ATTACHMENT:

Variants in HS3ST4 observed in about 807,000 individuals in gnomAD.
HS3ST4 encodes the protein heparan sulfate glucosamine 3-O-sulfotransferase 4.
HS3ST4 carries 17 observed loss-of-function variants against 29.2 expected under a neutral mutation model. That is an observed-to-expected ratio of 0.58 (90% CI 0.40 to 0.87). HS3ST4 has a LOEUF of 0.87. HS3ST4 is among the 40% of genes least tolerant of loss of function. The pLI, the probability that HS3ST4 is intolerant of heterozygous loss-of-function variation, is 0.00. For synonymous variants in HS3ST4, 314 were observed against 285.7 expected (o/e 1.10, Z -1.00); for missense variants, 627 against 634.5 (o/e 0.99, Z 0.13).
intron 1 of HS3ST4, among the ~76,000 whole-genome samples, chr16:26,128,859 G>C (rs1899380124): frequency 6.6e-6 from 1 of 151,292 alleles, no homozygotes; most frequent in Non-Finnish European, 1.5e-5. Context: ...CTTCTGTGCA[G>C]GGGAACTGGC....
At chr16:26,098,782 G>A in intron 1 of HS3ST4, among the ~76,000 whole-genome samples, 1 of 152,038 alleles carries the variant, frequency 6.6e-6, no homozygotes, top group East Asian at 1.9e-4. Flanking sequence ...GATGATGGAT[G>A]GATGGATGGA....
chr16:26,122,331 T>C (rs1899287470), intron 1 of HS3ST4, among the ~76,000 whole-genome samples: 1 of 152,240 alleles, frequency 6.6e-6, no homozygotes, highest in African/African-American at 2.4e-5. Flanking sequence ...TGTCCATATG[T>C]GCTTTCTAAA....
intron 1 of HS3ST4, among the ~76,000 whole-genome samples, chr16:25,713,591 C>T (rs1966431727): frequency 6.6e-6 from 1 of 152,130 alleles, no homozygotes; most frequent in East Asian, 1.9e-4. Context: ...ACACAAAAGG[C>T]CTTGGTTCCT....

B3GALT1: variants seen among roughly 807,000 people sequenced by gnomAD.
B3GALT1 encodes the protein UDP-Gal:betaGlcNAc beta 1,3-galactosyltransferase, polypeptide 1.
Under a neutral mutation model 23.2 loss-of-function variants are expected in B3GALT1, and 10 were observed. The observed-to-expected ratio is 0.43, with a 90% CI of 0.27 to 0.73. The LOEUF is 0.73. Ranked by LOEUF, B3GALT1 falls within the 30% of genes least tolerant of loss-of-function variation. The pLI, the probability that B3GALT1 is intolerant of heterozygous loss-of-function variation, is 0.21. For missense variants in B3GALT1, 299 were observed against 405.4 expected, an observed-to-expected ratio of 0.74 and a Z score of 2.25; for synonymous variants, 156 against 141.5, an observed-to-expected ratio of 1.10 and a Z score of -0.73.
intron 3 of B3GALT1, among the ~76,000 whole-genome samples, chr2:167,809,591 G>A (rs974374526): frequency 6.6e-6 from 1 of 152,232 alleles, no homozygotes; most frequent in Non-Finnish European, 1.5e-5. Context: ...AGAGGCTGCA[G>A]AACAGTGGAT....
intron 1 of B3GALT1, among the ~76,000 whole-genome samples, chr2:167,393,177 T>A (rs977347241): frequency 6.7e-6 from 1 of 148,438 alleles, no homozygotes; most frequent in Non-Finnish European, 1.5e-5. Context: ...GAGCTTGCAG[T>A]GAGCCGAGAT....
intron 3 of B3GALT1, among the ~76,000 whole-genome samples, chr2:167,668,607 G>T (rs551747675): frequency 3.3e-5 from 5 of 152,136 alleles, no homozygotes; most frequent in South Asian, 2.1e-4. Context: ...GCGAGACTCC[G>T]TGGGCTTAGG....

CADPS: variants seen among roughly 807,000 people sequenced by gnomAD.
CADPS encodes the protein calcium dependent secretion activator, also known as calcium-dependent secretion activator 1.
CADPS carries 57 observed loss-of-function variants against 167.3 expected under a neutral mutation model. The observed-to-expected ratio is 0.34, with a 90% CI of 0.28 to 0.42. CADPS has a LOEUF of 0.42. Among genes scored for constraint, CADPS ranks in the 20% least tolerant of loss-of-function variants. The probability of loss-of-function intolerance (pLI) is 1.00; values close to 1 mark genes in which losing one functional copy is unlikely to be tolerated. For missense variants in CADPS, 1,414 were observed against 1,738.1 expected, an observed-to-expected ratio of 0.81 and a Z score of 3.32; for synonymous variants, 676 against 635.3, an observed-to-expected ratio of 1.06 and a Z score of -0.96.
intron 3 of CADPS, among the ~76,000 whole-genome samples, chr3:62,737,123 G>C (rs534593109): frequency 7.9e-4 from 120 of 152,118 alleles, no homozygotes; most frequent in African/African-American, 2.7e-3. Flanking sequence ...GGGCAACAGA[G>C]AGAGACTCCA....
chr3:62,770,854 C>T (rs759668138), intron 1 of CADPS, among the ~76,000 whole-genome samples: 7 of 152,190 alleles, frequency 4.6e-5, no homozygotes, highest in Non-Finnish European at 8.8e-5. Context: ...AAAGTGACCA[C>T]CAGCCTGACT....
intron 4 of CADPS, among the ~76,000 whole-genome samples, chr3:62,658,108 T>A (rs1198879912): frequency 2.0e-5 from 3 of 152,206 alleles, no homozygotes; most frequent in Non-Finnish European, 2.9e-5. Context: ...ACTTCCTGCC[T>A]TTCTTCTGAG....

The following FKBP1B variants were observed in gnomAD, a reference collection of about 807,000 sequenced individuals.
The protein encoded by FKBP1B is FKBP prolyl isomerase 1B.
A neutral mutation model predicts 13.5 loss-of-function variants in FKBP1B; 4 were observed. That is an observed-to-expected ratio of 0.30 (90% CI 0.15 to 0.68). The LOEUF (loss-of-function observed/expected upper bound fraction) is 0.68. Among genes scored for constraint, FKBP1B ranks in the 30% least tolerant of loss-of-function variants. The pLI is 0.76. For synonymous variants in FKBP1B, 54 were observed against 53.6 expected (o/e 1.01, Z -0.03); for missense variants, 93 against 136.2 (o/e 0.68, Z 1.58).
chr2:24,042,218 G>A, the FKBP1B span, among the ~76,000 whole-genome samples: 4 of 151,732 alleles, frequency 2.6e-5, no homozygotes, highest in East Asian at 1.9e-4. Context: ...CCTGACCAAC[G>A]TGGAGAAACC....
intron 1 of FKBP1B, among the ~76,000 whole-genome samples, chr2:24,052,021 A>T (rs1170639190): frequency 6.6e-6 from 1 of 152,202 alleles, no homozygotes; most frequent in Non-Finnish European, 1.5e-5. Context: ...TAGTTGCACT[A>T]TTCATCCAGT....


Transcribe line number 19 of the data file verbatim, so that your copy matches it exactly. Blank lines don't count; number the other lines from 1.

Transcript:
intron 4 of CADPS, among the ~76,000 whole-genome samples, chr3:62,658,108 T>A (rs1198879912): frequency 2.0e-5 from 3 of 152,206 alleles, no homozygotes; most frequent in Non-Finnish European, 2.9e-5. Context: ...ACTTCCTGCC[T>A]TTCTTCTGAG....